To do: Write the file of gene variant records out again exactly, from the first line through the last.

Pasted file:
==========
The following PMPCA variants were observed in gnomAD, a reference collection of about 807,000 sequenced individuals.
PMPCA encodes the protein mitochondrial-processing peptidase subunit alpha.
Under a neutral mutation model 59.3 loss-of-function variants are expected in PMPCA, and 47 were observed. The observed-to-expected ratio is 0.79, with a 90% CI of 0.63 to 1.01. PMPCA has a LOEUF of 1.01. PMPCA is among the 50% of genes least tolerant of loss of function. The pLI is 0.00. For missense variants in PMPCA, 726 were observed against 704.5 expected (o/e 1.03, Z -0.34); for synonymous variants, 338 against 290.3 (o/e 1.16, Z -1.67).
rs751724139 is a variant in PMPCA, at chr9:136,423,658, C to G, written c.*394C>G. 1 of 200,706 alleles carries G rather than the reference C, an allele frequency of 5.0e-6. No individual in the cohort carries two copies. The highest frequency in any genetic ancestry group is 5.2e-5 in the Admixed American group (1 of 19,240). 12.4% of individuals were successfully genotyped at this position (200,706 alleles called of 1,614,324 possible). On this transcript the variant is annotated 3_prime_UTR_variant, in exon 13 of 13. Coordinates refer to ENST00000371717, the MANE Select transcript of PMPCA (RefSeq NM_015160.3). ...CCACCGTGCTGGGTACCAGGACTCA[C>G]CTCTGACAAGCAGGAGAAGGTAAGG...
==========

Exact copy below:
The following PMPCA variants were observed in gnomAD, a reference collection of about 807,000 sequenced individuals.
PMPCA encodes the protein mitochondrial-processing peptidase subunit alpha.
Under a neutral mutation model 59.3 loss-of-function variants are expected in PMPCA, and 47 were observed. The observed-to-expected ratio is 0.79, with a 90% CI of 0.63 to 1.01. PMPCA has a LOEUF of 1.01. PMPCA is among the 50% of genes least tolerant of loss of function. The pLI is 0.00. For missense variants in PMPCA, 726 were observed against 704.5 expected (o/e 1.03, Z -0.34); for synonymous variants, 338 against 290.3 (o/e 1.16, Z -1.67).
rs751724139 is a variant in PMPCA, at chr9:136,423,658, C to G, written c.*394C>G. 1 of 200,706 alleles carries G rather than the reference C, an allele frequency of 5.0e-6. No individual in the cohort carries two copies. The highest frequency in any genetic ancestry group is 5.2e-5 in the Admixed American group (1 of 19,240). 12.4% of individuals were successfully genotyped at this position (200,706 alleles called of 1,614,324 possible). On this transcript the variant is annotated 3_prime_UTR_variant, in exon 13 of 13. Coordinates refer to ENST00000371717, the MANE Select transcript of PMPCA (RefSeq NM_015160.3). ...CCACCGTGCTGGGTACCAGGACTCA[C>G]CTCTGACAAGCAGGAGAAGGTAAGG...